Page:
“It was so good for my daughter,” Andrade said about breast milk, which is supposed to boost a child’s IQ. “She’s really smart for her age. I think that helped.”

At the other end of the building, registered dietitian Laura Stever led a breastfeeding class for pregnant women, many of them who will be first-time mothers. She shared information on the benefits of breast milk while easing their worries about pain. “It’s not supposed to hurt,” she said.

Using a doll, Stever showed the women some of the best ways to hold a baby while feeding, including the cradle and football positions. Asking them to undress the dolls, she also taught them about the importance of skin-to-skin contact.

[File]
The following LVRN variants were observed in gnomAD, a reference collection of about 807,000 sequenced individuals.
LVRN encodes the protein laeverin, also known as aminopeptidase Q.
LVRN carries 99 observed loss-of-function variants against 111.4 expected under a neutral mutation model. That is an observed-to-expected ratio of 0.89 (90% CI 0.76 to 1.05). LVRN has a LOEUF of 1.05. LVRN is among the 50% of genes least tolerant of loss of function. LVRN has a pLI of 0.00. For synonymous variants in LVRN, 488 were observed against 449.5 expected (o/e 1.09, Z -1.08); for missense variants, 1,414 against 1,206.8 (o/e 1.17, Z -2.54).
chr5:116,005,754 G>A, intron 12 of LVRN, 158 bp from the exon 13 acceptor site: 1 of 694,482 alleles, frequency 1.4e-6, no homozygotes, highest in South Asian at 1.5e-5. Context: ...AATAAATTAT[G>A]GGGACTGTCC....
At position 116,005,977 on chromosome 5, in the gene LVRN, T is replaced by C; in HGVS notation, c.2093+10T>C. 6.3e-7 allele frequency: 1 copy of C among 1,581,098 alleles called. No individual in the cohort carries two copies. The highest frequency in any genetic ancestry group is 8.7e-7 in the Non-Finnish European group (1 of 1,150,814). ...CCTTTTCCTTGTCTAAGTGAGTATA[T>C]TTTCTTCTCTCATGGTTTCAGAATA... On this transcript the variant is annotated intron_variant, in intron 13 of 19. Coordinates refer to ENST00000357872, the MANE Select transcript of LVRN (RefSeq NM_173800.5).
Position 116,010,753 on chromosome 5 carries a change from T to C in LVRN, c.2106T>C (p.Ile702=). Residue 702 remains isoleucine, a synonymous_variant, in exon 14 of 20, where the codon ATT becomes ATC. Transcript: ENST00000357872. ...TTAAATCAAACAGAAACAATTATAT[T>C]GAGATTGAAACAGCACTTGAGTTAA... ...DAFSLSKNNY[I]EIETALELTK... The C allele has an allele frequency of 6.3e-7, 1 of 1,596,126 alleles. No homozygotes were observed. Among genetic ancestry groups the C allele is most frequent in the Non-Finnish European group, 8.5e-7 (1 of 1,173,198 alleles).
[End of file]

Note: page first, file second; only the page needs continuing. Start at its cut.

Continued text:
Earlier that day, Linda Katz-Krieger, another registered dietitian at the Santa Rosa WIC office, met five moms who recently gave birth. She taught them about paying attention to baby cues, especially when feeding them with a bottle. With breastfeeding, she said babies self-regulate, unlatching when they’re full. She said parents run a risk of overfeeding with bottles.

Like most moms in the room, Michelle Flores opted for breastfeeding exclusively.

“I thought it was the most natural,” said Flores, 23, of Santa Rosa. She also felt it was the best way to bond with her newborn, Alexander, who quietly fed as his mother met with one of the dietitians to sign up for WIC services. Although she decided early on she would breastfeed, Flores said she had a lot of concerns and questions, so she decided to take advantage of the breastfeeding class and peer counselors.

“It’s good knowing that there is a place where I can get info,” Flores said. “Otherwise, I would be blind-sided.”

You can reach Staff Writer Eloísa Ruano González at 521-5458 or eloisa.gonzalez@pressdemocrat.com. On Twitter @eloisanews.